Changing structure of politics and public debate in campuses
In Indian universities, one crucial change has taken place recently and this change is bound to become a catalyst for other liberating changes. For the first time, Dalit-bahujans and other students from impoverished and working-class, semi-urban and rural backgrounds, thanks to their hunger for education and helped by some affirmative action, have started entering institutions of higher education in significant numbers. This has started changing the social composition of Indian universities as well as the structure of politics and public debate in campuses. Such a change has taken place in the Jawaharlal Nehru University (JNU), Hyderabad Central University (HCU) and some other universities, and is largely responsible for what is happening there. Till now, the best universities in India had practically been closed to the likes of Rohith Vemula, Dontha Prashanth and Kanhaiya Kumar, the kind of students who have brought about a new incendiary debate in the campuses.
An example of this was the formation of forums like the Ambedkar-Periyar Study Circle at the IIT-Madras and its engagements with the larger social, political and environmental issues, which invited the ire of the Central Government in 2015 and led to its ban, which was revoked only after eruption of a nationwide protest. In recent years, Dalit students’ groups such as Ambedkar Students’ Association of HCU, with which Rohith Vemula was passionately associated, have been active in the campuses. Similarly, the Dalit-bahujan students of JNU have formed the Birsa-Ambedkar-Phule Students Association (BAPSA) with the understanding that the traditional Left in India has failed to fight brahmanism both culturally and politically. Such subversive fronts have also come up in the campuses of Mumbai University, Savitribai Phule Pune University and many other campuses across the country.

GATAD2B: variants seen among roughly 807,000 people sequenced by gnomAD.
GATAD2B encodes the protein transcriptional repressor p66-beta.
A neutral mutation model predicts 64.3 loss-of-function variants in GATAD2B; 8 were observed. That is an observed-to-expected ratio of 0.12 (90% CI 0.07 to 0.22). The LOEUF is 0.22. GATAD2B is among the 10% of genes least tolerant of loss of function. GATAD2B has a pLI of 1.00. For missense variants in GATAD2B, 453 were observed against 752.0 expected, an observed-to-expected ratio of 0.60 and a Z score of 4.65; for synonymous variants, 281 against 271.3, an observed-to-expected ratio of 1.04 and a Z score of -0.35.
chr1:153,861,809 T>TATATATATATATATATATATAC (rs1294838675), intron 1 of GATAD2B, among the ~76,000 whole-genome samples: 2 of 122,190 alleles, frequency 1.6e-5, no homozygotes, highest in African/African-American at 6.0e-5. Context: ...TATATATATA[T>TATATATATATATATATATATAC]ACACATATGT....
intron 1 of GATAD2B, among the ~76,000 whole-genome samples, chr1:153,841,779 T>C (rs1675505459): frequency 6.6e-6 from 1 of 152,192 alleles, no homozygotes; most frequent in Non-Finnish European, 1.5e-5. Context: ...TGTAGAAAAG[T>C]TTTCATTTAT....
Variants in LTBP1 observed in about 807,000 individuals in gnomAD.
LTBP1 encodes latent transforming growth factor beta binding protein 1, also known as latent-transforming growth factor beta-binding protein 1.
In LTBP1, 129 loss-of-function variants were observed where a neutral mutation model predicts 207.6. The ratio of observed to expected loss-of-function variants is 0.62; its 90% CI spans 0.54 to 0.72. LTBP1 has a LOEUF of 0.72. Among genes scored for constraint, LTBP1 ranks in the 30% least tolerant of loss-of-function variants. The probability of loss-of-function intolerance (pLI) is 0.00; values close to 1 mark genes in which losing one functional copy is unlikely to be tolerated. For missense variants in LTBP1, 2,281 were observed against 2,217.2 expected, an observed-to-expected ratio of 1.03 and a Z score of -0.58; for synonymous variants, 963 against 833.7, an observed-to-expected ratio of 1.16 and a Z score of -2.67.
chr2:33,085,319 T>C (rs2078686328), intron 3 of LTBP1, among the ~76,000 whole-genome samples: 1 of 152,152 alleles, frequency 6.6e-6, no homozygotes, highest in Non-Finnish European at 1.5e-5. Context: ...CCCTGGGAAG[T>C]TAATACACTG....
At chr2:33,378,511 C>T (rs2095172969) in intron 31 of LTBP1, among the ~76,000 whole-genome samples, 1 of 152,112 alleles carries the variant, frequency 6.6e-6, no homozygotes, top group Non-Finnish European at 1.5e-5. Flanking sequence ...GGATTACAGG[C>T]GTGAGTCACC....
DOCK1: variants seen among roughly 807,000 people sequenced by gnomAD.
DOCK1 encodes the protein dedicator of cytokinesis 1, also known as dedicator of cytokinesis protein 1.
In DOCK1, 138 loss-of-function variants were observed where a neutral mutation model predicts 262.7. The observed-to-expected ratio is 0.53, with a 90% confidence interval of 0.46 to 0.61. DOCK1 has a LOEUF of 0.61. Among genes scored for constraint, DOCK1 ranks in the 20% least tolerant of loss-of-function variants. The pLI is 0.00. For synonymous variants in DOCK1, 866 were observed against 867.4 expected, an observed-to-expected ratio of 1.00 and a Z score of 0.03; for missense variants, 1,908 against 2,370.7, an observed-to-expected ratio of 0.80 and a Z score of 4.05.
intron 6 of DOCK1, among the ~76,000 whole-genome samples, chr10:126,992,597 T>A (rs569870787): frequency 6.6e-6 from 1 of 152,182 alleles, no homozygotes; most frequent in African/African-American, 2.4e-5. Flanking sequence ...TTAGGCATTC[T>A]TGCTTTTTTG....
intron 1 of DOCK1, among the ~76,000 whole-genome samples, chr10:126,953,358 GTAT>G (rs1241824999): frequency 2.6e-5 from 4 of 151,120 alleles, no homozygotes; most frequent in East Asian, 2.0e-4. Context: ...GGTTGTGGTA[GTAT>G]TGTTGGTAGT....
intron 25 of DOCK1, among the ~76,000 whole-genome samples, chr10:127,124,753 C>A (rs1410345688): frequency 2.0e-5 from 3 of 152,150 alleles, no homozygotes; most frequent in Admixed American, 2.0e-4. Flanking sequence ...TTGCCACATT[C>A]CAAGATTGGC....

Moreover, the increasing and assertive presence of women is strengthening the transformations taking place on campuses. At the receiving end of pervasive misogyny in society, women students are better able to see the dehumanizing face of patriarchy and caste and their interconnections with other hierarchies. This makes at least some women from the privileged caste-class background side with the Dalit-bahujans and such socially-engaged women are making their presence felt in public debate. Some of them are now fighting and winning students’ union elections—and not only in the metropolitan cities. In Allahabad University’s century-old history, a woman has for the first time been elected president of the students’ union. Richa Singh, who won this feat, stands for social and gender equality and for this she is being targeted by the Hindu right and the fossilized university administration. To take another example, a year or so ago, the women students of colleges in Delhi launched a protest movement called Pinjra Tod (Break the Cage) against sexist restrictions imposed on women students, especially the oppressive hostel regulations that fetter their movement. The activists of Pinjra Tod, many of them fervent feminist, recently came on the streets demanding justice for Rohith Vemula and also protested against the witch-hunt of the JNU and HCU students.